The Common Man got around just fine on his crutches. Not a single trip or fall, I am proud to report, though I did sorta kinda crash a chair into a piano after one exit. (I thought the chair was not going anywhere. It had other ideas.) While most of my set changes had to be reblocked after the accident and given to other people I did keep a few I could do with my crutches, including bringing down a screen for the execution shadow play and pulling down a small string of banners for the trial scene beforehand. I did not execute Sir Thomas with a crutch, though during the first weekend I had to use it when the screen didn't come down properly. For the first few nights the screen was a roll of paper which was supposed to drop neatly between the audience and the chopping block. It never did. A little too weighty for the task, it would inappropriately bounce off the block, the basket for the head, or once, almost Sir Thomas. If and when this happened, Jon would cut the backlights entirely, and I'd slam the damn crutch down in blackout just to get the sound across. It was our contingency plan, y'see. I contingenced, dammit. And so did Jon, who installed a lighter cloth screen for the next weekend's performances.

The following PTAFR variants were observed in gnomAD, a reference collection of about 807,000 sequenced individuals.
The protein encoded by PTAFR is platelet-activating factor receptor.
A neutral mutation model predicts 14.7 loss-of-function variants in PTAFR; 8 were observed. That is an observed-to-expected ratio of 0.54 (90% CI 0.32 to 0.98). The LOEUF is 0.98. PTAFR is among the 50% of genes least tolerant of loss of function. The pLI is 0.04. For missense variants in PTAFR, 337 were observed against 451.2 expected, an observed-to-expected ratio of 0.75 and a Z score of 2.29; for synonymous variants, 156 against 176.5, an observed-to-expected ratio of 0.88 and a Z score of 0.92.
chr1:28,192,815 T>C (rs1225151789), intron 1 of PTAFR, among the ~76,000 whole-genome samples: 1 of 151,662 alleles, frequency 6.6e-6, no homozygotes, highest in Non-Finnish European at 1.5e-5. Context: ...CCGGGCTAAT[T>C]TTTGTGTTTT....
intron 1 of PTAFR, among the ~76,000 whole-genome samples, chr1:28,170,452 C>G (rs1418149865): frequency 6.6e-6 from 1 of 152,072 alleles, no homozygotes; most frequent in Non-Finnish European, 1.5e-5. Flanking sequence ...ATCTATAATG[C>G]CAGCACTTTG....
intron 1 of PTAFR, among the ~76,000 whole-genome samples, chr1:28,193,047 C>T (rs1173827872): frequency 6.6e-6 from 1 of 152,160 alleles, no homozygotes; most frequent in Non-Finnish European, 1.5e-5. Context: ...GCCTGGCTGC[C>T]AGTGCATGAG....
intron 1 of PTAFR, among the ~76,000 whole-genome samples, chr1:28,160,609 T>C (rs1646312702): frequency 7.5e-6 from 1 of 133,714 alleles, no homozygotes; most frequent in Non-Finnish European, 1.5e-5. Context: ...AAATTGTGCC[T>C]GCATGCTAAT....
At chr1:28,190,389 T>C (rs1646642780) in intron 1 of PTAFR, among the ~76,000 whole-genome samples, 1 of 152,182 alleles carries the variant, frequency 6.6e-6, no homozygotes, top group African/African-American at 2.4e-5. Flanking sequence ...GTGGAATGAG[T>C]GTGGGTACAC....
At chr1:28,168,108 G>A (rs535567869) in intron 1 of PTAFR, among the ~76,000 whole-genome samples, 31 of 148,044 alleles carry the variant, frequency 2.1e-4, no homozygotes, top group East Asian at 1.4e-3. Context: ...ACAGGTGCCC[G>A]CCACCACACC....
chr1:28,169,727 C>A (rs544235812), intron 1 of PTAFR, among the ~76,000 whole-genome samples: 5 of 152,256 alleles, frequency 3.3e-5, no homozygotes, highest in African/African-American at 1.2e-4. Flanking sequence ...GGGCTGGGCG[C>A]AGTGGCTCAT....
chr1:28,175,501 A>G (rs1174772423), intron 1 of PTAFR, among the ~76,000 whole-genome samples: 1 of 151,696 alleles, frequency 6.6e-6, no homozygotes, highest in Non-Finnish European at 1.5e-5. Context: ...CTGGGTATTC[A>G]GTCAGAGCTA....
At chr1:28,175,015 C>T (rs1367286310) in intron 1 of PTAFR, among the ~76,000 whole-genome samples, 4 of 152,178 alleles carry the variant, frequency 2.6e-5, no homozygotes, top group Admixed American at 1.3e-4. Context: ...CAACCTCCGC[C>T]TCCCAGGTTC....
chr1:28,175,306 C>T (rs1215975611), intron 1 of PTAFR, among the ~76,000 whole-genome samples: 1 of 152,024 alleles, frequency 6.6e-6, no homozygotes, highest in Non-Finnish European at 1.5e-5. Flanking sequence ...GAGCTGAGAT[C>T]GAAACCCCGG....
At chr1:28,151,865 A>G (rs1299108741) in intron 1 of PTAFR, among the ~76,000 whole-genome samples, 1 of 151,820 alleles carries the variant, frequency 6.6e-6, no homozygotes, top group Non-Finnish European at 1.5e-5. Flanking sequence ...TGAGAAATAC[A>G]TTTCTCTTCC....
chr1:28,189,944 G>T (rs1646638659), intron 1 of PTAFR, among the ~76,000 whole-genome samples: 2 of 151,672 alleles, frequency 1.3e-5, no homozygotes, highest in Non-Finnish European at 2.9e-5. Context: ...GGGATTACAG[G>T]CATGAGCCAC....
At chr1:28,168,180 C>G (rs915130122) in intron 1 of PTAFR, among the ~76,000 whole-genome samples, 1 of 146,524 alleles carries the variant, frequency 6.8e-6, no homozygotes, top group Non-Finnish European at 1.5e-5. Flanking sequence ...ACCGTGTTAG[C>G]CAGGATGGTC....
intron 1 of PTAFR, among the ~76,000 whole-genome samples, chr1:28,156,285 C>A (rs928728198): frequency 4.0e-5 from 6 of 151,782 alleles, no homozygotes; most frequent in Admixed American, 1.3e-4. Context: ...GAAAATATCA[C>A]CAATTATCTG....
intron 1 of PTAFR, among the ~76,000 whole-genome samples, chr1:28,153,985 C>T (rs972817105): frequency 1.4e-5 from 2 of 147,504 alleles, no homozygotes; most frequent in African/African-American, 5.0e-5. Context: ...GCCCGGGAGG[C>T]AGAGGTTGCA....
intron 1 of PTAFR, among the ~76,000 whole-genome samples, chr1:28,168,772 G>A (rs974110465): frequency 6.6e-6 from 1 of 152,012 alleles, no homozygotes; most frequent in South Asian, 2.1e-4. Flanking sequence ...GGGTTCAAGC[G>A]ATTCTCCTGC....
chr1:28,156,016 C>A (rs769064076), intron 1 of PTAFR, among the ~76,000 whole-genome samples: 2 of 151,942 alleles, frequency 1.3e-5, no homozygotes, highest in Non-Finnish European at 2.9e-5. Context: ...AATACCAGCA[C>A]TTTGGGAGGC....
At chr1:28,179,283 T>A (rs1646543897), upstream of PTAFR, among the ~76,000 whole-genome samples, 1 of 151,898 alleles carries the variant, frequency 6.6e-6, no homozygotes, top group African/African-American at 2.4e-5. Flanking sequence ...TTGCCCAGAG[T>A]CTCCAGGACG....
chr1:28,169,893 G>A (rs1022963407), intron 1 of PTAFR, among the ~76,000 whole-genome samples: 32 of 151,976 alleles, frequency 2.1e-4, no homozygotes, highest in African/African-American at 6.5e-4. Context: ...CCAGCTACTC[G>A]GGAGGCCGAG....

I maybe ought to take this opportunity to mention that the Factory Theatre is, indeed, located in a former piano factory in downtown Boston. The house appears to be in a former loading dock; it's a two-story bare brick room with enough length and width for a piano-totin' truck and all the mechanical hoisting thingamajiggers required to haul pianos into said truck. It is cold, it is drafty, there is only one bathroom and it's horrible; it is theatre in the rough and it is glorious, even if a bit masochistic.